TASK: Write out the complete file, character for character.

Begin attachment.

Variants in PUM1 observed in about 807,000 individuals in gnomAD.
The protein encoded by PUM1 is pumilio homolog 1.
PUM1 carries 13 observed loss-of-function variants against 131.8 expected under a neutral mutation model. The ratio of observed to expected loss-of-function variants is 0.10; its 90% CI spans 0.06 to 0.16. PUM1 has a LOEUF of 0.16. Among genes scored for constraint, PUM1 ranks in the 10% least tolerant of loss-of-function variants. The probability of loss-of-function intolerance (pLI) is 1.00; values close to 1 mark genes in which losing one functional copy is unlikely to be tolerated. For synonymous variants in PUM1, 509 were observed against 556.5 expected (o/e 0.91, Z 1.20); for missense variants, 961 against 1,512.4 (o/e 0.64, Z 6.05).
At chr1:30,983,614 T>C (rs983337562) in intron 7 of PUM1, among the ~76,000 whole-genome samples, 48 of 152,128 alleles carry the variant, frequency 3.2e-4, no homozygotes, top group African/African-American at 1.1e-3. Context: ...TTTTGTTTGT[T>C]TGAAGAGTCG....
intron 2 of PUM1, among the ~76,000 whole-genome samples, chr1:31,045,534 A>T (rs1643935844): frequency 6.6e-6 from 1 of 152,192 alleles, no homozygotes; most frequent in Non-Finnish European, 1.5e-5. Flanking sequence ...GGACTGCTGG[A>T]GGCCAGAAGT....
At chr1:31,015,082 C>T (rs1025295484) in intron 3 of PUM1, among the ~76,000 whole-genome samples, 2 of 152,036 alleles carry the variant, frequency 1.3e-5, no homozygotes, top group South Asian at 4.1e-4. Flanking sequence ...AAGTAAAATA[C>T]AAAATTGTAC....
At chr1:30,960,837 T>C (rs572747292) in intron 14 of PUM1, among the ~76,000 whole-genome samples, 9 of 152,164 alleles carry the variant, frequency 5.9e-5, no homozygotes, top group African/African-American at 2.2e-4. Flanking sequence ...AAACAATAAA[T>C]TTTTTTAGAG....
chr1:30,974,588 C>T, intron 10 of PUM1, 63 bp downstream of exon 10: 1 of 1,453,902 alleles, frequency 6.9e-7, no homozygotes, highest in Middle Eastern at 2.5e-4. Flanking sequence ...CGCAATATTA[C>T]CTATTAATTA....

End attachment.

Variants in PUM1 observed in about 807,000 individuals in gnomAD.
The protein encoded by PUM1 is pumilio homolog 1.
PUM1 carries 13 observed loss-of-function variants against 131.8 expected under a neutral mutation model. The ratio of observed to expected loss-of-function variants is 0.10; its 90% CI spans 0.06 to 0.16. PUM1 has a LOEUF of 0.16. Among genes scored for constraint, PUM1 ranks in the 10% least tolerant of loss-of-function variants. The probability of loss-of-function intolerance (pLI) is 1.00; values close to 1 mark genes in which losing one functional copy is unlikely to be tolerated. For synonymous variants in PUM1, 509 were observed against 556.5 expected (o/e 0.91, Z 1.20); for missense variants, 961 against 1,512.4 (o/e 0.64, Z 6.05).
At chr1:30,983,614 T>C (rs983337562) in intron 7 of PUM1, among the ~76,000 whole-genome samples, 48 of 152,128 alleles carry the variant, frequency 3.2e-4, no homozygotes, top group African/African-American at 1.1e-3. Context: ...TTTTGTTTGT[T>C]TGAAGAGTCG....
intron 2 of PUM1, among the ~76,000 whole-genome samples, chr1:31,045,534 A>T (rs1643935844): frequency 6.6e-6 from 1 of 152,192 alleles, no homozygotes; most frequent in Non-Finnish European, 1.5e-5. Flanking sequence ...GGACTGCTGG[A>T]GGCCAGAAGT....
At chr1:31,015,082 C>T (rs1025295484) in intron 3 of PUM1, among the ~76,000 whole-genome samples, 2 of 152,036 alleles carry the variant, frequency 1.3e-5, no homozygotes, top group South Asian at 4.1e-4. Flanking sequence ...AAGTAAAATA[C>T]AAAATTGTAC....
At chr1:30,960,837 T>C (rs572747292) in intron 14 of PUM1, among the ~76,000 whole-genome samples, 9 of 152,164 alleles carry the variant, frequency 5.9e-5, no homozygotes, top group African/African-American at 2.2e-4. Flanking sequence ...AAACAATAAA[T>C]TTTTTTAGAG....
chr1:30,974,588 C>T, intron 10 of PUM1, 63 bp downstream of exon 10: 1 of 1,453,902 alleles, frequency 6.9e-7, no homozygotes, highest in Middle Eastern at 2.5e-4. Flanking sequence ...CGCAATATTA[C>T]CTATTAATTA....